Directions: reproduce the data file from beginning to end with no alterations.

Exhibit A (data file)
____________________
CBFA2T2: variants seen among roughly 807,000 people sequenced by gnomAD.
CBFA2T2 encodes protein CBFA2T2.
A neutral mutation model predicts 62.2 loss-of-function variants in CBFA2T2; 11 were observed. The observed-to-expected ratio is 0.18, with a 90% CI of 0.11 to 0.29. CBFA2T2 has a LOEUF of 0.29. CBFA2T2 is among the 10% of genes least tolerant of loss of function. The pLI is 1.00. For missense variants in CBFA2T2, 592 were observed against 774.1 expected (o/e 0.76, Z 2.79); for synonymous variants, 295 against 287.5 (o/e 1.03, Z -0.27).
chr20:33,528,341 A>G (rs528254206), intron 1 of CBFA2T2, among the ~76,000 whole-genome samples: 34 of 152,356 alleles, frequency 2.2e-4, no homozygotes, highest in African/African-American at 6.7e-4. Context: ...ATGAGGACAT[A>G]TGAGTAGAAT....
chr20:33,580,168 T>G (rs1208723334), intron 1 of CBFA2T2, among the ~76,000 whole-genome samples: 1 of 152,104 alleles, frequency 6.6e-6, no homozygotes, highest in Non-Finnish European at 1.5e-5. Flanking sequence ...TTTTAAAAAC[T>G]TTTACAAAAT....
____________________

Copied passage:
CBFA2T2: variants seen among roughly 807,000 people sequenced by gnomAD.
CBFA2T2 encodes protein CBFA2T2.
A neutral mutation model predicts 62.2 loss-of-function variants in CBFA2T2; 11 were observed. The observed-to-expected ratio is 0.18, with a 90% CI of 0.11 to 0.29. CBFA2T2 has a LOEUF of 0.29. CBFA2T2 is among the 10% of genes least tolerant of loss of function. The pLI is 1.00. For missense variants in CBFA2T2, 592 were observed against 774.1 expected (o/e 0.76, Z 2.79); for synonymous variants, 295 against 287.5 (o/e 1.03, Z -0.27).
chr20:33,528,341 A>G (rs528254206), intron 1 of CBFA2T2, among the ~76,000 whole-genome samples: 34 of 152,356 alleles, frequency 2.2e-4, no homozygotes, highest in African/African-American at 6.7e-4. Context: ...ATGAGGACAT[A>G]TGAGTAGAAT....
chr20:33,580,168 T>G (rs1208723334), intron 1 of CBFA2T2, among the ~76,000 whole-genome samples: 1 of 152,104 alleles, frequency 6.6e-6, no homozygotes, highest in Non-Finnish European at 1.5e-5. Flanking sequence ...TTTTAAAAAC[T>G]TTTACAAAAT....